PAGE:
> be well prepared. We need a long time to deploy it.
>
> Despite spam tx on the network, the block capacity is approaching its
> limit, and we must think ahead. Shall we code a patch right now, to
> remove the block size limit of 1MB, but not activate it until far in
> the future. I would propose to remove the 1MB limit at the next block
> halving in spring 2020, only limit the block size to 32MiB which is
> the maximum size the current p2p protocol allows. This patch must be
> in the immediate next release of Bitcoin Core.
>
> With this patch in core's next release, Bitcoin works just as before,
> no fork will ever occur, until spring 2020. But everyone knows there
> will be a fork scheduled. Third party services, libraries, wallets and
> exchanges will have enough time to prepare for it over the next three
> years.
>
> We don't yet have an agreement on how to increase the block size
> limit. There have been many proposals over the past years, like
> BIP100, 101, 102, 103, 104, 105, 106, 107, 109, 148, 248, BU, and so
> on. These hard fork proposals, with this patch already in Core's
> release, they all become soft fork. We'll have enough time to discuss
> all these proposals and decide which one to go. Take an example, if we
> choose to fork to only 2MB, since 32MiB already scheduled, reduce it
> from 32MiB to 2MB will be a soft fork.
>
> Anyway, we must code something right now, before it becomes too late.
> _______________________________________________
> bitcoin-dev mailing list
> bitcoin-***@lists.linuxfoundation.org
> https://lists.linuxfoundation.org/mailman/listinfo/bitcoin-dev
>
>
>
Juan Garavaglia via bitcoin-dev
2017-03-28 22:36:18 UTC
Permalink
Raw Message
Alphonse,

Even when several of the experts involved in the document you refer has my respect and admiration, I do not agree with some of their conclusions some of their estimations are not accurate other changed like Bootstrap Time, Cost per Confirmed Transaction they consider a network of 450,000,00 GH and today is 3.594.236.966 GH, the energy consumption per GH is old, the cost of electricity is wrong even when the document was made and is hard to find any parameter used that is valid for an analysis today.

Again with all respect to the experts involved in that analysis is not valid today.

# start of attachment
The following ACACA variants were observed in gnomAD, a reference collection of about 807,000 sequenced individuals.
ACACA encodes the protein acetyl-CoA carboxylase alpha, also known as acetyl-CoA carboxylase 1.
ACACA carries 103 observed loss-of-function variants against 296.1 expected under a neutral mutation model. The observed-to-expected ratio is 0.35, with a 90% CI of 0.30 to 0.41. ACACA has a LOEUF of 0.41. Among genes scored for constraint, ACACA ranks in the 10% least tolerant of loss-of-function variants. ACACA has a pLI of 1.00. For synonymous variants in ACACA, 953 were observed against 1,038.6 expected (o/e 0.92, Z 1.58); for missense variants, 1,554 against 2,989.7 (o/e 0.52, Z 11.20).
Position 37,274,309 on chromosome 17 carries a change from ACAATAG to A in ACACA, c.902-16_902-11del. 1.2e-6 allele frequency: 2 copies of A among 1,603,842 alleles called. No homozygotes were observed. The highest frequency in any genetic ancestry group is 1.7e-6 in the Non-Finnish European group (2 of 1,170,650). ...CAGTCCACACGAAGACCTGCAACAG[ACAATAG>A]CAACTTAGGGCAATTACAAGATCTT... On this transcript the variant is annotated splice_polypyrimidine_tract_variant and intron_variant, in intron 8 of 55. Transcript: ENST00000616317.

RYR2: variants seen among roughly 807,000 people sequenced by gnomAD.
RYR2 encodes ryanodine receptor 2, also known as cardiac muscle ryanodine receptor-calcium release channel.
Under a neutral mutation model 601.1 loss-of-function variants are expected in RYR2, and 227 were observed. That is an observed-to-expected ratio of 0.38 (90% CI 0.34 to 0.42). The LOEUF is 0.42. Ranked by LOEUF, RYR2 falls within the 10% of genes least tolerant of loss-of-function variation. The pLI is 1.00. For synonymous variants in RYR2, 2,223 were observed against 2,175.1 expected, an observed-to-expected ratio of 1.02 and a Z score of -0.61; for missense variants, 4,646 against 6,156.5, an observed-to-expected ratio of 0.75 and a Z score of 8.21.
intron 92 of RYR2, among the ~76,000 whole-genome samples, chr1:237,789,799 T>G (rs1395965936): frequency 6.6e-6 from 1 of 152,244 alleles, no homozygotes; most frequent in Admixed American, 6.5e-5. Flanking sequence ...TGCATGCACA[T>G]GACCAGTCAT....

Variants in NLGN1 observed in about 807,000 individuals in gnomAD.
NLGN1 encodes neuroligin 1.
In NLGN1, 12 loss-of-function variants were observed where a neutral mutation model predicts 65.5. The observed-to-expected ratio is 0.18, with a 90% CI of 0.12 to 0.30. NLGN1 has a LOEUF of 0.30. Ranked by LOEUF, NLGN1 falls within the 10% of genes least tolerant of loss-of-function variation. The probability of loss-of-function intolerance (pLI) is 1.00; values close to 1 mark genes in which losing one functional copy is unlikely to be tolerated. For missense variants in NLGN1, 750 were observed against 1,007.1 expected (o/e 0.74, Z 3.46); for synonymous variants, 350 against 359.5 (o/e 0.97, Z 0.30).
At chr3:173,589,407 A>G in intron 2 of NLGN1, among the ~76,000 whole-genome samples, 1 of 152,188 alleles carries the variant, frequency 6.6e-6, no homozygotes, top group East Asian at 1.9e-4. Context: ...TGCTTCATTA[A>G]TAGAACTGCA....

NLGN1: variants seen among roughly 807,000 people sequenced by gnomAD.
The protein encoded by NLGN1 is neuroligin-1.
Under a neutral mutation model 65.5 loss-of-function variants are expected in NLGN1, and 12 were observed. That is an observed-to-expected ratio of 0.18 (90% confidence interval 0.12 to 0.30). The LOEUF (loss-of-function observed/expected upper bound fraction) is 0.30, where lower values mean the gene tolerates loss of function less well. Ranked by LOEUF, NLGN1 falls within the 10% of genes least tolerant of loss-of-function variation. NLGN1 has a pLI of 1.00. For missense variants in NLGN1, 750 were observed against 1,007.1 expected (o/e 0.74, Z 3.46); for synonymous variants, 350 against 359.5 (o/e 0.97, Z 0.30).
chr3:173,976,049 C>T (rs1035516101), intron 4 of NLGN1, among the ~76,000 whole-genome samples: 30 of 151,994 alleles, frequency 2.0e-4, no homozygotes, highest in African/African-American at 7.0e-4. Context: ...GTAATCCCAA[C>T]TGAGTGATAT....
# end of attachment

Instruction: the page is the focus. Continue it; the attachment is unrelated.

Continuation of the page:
I tend to believe more in Moore’s law, Butters' Law of Photonics and Kryder’s Law all has been verified for many years and support that 32 MB in 2020 are possible and equals or less than 1 MB in 2010.

Again may be is not possible Johnson Lau and LukeJr invested a significant amount of time investigating ways to do a safe HF, and may be not possible to do a safe HF today but from processing power, bandwidth and storage is totally valid and Wang Chung proposal has solid grounds.

Regards

Juan


From: Alphonse Pace [mailto:***@gmail.com]
Sent: Tuesday, March 28, 2017 2:53 PM
To: Juan Garavaglia <***@112bit.com>; Wang Chun <***@gmail.com>
Cc: Bitcoin Protocol Discussion <bitcoin-***@lists.linuxfoundation.org>
Subject: Re: [bitcoin-dev] Hard fork proposal from last week's meeting

Juan,

I suggest you take a look at this paper: http://fc16.ifca.ai/bitcoin/papers/CDE+16.pdf It may help you form opinions based in science rather than what appears to be nothing more than a hunch. It shows that even 4MB is unsafe. SegWit provides up to this limit.

8MB is most definitely not safe today.

Whether it is unsafe or impossible is the topic, since Wang Chun proposed making the block size limit 32MiB.


Wang Chun,

Can you specify what meeting you are talking about? You seem to have not replied on that point. Who were the participants and what was the purpose of this meeting?

-Alphonse

On Tue, Mar 28, 2017 at 12:33 PM, Juan Garavaglia <***@112bit.com<mailto:***@112bit.com>> wrote:
Alphonse,

In my opinion if 1MB limit was ok in 2010, 8MB limit is ok on 2016 and 32MB limit valid in next halving, from network, storage and CPU perspective or 1MB was too high in 2010 what is possible or 1MB is to low today.

If is unsafe or impossible to raise the blocksize is a different topic.

Regards

Juan